Then there are the scientists, mushroom experts known as mycologists. Several of them are in this Alaska valley participating in and observing the morel harvest, but few are likely to see as many morels as the Mexicans, or the Southeast Asian crews, or many of the other circuit pickers who made the trip north.

Logic can work against you if you don't realize you're missing key pieces of the puzzle. If you're from the Lower 48 and you don't know, for example, that the presence of black spruce strongly indicates permafrost, and that what you've read in the literature about morel behavior doesn't apply on permafrost, you could be frustrated. Likewise, if you don't have the legs to blast far enough from the road, all you might see are 'shroom stumps that the pros leave behind. Thus, the 2005 season turns out to be a boom for some and a bust for others.

"This isn't what I came to Alaska for," says Missoula's Larry Evans, who came from Montana to buy mushrooms and dry them for later sale. That early-season sentiment is echoed by many buyers, most of whom come from Oregon and Washington state. While few buyers will lose money in Alaska, few are able to buy as many morels as they hoped, and the price they pay is driven up by the high number of buyers and the scarcity of product. In other years and other places, buyers have been known to buy thousands of pounds at $2 per pound.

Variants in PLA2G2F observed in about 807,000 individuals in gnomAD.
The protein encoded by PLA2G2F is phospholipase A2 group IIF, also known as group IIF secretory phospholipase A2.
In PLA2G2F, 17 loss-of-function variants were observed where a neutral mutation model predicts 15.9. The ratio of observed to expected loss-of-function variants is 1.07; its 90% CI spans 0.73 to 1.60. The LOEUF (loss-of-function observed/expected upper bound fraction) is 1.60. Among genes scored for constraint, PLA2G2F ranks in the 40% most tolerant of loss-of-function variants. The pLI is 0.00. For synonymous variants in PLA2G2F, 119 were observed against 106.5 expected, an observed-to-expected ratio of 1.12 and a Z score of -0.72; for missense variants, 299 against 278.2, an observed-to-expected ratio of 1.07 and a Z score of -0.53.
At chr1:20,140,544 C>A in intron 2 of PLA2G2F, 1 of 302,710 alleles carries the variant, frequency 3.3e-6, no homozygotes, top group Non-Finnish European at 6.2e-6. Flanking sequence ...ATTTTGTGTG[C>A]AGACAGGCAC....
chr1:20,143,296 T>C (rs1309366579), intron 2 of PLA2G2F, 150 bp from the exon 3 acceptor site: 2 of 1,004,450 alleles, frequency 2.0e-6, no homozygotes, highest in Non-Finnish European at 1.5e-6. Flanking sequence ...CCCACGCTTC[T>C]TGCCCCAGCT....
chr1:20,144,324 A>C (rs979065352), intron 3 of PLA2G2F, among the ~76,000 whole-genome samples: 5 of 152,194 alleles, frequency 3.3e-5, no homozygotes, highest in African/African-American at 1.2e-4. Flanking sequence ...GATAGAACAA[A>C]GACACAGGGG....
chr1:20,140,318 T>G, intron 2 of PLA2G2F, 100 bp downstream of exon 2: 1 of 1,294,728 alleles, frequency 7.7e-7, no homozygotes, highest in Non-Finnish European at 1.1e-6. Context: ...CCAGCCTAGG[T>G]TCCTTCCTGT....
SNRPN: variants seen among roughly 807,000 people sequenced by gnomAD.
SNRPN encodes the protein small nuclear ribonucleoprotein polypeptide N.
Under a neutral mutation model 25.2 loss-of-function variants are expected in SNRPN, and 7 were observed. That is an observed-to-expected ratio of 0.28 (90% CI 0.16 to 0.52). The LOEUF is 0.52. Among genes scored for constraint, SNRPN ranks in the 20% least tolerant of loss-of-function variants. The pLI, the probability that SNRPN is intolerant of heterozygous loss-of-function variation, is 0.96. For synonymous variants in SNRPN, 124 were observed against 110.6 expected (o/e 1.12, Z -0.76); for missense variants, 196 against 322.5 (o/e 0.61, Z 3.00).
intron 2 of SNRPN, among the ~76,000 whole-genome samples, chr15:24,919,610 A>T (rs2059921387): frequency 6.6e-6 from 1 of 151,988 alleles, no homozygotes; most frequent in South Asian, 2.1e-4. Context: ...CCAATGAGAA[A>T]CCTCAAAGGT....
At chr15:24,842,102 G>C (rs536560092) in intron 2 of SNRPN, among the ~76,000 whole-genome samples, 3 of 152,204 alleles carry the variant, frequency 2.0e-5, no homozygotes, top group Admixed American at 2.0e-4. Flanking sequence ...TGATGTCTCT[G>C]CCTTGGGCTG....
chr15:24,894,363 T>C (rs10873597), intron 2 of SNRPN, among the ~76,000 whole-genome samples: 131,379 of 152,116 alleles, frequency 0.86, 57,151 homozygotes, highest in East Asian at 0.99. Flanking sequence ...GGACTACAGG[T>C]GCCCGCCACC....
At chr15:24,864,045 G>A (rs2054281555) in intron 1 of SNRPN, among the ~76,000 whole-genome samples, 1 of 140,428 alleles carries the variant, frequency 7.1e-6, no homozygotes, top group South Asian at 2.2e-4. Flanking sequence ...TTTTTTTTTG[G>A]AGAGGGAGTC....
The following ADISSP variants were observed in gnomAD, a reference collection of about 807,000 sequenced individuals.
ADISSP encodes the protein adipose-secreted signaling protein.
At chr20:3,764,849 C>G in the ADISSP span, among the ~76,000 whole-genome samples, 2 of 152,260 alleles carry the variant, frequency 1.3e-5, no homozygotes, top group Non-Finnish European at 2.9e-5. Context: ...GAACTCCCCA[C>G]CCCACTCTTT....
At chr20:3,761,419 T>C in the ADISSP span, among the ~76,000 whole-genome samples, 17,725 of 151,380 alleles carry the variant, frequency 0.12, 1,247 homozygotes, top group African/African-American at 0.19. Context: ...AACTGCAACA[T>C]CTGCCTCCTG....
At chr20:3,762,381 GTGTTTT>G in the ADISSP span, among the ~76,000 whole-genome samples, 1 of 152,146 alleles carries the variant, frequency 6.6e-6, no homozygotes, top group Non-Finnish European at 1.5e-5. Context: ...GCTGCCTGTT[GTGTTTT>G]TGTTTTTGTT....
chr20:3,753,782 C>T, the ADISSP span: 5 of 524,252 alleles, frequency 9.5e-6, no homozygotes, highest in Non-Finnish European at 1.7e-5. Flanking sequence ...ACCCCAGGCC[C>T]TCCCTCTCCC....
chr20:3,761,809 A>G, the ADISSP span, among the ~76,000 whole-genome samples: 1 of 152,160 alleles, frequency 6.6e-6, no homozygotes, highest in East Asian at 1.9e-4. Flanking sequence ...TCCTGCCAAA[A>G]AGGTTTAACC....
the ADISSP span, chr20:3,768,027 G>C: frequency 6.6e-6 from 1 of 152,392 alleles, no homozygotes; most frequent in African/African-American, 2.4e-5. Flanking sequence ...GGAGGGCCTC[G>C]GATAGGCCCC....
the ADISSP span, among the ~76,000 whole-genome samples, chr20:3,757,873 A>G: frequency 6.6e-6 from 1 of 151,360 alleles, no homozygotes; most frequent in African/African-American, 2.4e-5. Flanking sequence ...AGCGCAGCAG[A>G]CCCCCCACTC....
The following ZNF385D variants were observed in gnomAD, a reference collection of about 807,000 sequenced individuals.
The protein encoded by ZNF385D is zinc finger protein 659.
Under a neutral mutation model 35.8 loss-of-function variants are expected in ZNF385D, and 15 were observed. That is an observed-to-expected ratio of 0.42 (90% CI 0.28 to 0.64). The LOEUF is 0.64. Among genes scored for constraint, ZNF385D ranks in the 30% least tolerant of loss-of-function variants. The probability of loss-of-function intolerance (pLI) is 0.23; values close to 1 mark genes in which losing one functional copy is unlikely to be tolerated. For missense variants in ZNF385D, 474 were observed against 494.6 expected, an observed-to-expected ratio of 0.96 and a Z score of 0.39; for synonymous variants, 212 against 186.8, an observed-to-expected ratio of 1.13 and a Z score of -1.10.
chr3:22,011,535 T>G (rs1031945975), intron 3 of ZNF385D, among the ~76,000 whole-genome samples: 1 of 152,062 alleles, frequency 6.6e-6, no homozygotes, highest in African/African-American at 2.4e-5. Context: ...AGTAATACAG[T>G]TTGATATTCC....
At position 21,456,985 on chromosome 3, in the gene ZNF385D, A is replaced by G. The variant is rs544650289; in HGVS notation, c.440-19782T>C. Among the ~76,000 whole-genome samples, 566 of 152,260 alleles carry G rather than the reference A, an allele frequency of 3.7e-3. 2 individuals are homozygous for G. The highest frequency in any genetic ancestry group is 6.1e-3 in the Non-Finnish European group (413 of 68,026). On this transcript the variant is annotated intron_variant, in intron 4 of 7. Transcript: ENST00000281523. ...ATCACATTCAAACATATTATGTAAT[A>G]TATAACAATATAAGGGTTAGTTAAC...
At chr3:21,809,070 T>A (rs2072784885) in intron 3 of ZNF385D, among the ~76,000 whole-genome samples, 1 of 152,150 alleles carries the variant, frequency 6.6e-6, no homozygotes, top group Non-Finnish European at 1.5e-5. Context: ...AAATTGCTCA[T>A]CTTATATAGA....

Still, this year's "scarcity" is relative, created in part by expectations based on the morel harvest following the 1990 Tok River fire. In the 1991 season, more than 300,000 pounds of mushrooms were harvested off 98,000 Alaska acres. This year, with 10 times the acreage that burned in 1990 accessible from the Taylor Highway, everyone expected a bonanza. The resulting influx of pickers diluted the bounty.

Meanwhile, the experts forgot that morels are full of surprises. You find them where you aren't supposed to, or you show up at the perfect habitat and the only imperfection turns out to be … no morels.

Competition is stiff along the Taylor Highway. The easy mushrooms are picked quickly. Real success comes down to the ability to find virgin habitat, because a million acres is only useful if you can get to it. Of all the tools available to pickers, eyes and legs seem to be the most useful, along with the ability to forget what you used to know and learn quickly from scratch.